The MAC Men's Basketball Tournament in Review

Updated 3/10/2000
CLEVELAND (March 10)(AP) -- Mickey Hosier wasn't being disrespectful. But the Ball State point guard may have best summed up the Mid-American Conference's first ever tournament at Gund Arena.

``It's better than it being in Toledo,'' he said.

The MAC played its conference tourney in Cleveland for the first time this year, hoping to showcase its competitive league on a bigger stage.

And, oh what a show the MAC put on.

The seven games were decided by a total of 18 points. On Sunday, the four quarterfinals were decided by a total of six points and two went to overtime. And of the seven games, just one didn't go down to the final possession.

It was the kind of event the MAC was hoping for when it moved its league offices from Toledo to Cleveland last summer. And it's why the league signed a three-year deal with Gund Arena to host the tournament.

``From a marketing standpoint we couldn't have asked for anything better than what happened on Sunday,'' said MAC commissioner Rick Chryst.

``We know we'll do some things differently after year one, but I know our players and coaches came away with a very positive feeling about how it went.''

Chryst said the league is in negotiations with Gund Arena to make a MAC team an annual participant in the Rock and Roll Shootout at Gund. Bowling Green played in it last year.

Chryst, who served as an assistant commissioner in the Atlantic Coast Conference for seven years before joining the MAC, said he's pleased with the strides the league has made in getting more national exposure.

He knows the MAC can find its own niche in Big Ten country.

``We're making some progress on the TV side,'' he said.

And games like Sunday's quarterfinal thrillers can only help.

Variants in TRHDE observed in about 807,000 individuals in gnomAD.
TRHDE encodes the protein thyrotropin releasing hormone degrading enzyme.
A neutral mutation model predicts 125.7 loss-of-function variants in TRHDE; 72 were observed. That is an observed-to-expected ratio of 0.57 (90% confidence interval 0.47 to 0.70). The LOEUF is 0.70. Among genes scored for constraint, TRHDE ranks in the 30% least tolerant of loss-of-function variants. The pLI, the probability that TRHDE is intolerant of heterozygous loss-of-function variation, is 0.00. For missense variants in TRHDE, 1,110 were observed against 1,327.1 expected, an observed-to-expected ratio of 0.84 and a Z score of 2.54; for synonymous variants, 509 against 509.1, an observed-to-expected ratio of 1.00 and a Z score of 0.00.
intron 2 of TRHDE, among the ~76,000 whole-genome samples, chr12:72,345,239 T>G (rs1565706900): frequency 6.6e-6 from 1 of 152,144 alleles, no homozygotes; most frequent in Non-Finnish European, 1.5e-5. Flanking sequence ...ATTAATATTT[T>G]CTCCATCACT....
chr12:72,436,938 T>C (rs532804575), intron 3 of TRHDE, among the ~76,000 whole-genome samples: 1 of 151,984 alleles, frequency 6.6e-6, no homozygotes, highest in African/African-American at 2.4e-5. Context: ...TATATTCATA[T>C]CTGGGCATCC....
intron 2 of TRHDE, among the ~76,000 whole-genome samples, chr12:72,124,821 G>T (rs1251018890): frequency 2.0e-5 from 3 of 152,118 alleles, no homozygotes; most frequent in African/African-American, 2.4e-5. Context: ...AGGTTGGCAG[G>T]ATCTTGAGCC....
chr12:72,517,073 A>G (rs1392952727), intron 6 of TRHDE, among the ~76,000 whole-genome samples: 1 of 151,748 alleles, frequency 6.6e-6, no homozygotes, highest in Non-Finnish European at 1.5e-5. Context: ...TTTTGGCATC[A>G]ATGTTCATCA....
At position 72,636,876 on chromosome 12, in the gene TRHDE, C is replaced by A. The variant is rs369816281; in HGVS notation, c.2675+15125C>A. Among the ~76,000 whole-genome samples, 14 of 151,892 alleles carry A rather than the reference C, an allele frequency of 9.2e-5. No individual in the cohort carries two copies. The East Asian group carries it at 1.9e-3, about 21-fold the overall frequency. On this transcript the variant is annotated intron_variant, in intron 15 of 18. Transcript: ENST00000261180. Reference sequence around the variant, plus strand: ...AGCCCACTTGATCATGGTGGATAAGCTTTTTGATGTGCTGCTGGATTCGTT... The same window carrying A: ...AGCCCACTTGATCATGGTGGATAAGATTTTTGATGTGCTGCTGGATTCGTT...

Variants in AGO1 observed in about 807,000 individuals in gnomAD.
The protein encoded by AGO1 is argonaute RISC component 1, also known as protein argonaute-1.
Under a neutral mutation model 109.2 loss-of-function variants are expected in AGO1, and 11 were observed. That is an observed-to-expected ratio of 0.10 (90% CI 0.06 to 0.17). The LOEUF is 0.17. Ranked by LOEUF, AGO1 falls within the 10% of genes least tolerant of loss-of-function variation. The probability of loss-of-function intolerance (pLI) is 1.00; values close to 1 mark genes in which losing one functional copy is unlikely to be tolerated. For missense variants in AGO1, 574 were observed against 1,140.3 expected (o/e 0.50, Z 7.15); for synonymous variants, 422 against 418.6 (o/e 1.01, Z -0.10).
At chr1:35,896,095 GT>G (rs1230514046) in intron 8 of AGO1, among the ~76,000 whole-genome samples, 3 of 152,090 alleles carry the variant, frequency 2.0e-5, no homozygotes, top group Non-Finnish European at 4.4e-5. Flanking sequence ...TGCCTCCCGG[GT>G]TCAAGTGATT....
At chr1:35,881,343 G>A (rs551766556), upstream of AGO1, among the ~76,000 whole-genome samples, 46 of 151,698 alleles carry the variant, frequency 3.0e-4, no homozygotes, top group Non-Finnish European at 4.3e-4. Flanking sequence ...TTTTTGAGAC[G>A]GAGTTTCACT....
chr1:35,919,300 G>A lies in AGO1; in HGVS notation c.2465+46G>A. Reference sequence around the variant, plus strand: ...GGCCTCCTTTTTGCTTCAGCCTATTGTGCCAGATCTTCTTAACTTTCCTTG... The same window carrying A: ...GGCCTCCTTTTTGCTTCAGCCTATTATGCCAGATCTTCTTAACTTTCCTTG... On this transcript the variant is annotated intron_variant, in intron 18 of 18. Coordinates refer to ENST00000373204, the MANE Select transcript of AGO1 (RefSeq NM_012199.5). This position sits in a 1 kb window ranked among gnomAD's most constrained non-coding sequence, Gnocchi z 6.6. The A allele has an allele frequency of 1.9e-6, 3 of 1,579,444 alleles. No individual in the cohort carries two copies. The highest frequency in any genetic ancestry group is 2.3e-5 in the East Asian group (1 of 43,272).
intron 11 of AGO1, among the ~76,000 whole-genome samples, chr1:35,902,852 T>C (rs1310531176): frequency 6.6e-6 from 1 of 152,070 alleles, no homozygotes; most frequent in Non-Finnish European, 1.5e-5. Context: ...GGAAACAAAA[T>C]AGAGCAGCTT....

Miami of Ohio coach Charlie Coles has been around basketball for most of his 58 years. But he had never experienced anything like what happened during Sunday's quarters.

``Tell me there has ever been a better day of basketball,'' said Coles, whose ninth-seeded RedHawks got the day started by shocking No. 1 seed Bowling Green. ``That was the best basketball I have ever seen. At one point during the day, I forgot what I was here for.

``I became a fan. I remember turning to someone in back of me during one of the games and saying, 'Is this great basketball or what?'''

More than 28,000 fans who attended the three-day tournament seemed to think so. And despite the early elimination of Akron and Kent, the two nearest MAC schools, Wednesday night's final between Miami and Ball State drew 7,204 _ a title game record.

Players and coaches also enjoyed their time in Cleveland, the MAC's home since last July. Unseasonably warm weather gave out-of-town fans a chance to take in some of the city's sights and the teams got a chance to visit the Rock and Roll Hall of Fame and Museum.

``I loved it,'' said Ball State's Duane Clemens, the tournament MVP. ``I just wanted to get out of Muncie (Ind.) for a while. The only thing I didn't like was that the hotel didn't have enough cable channels.''

Cable TV, more specifically ESPN, played a part in Ball State earning its seventh MAC tournament title and an automatic bid to the NCAAs with a 61-58 win over Miami.

Cardinals coach Ray McCallum said his players were watching one of ESPN's college basketball studio shows when the subject of the MAC and how many NCAA tourney invitations it deserved came up.

``They said something like, 'Ball State doesn't deserve to get in if it doesn't win the championship,''' McCallum said. ``And I told our guys, 'See you guys don't get any respect.' It just really helped.''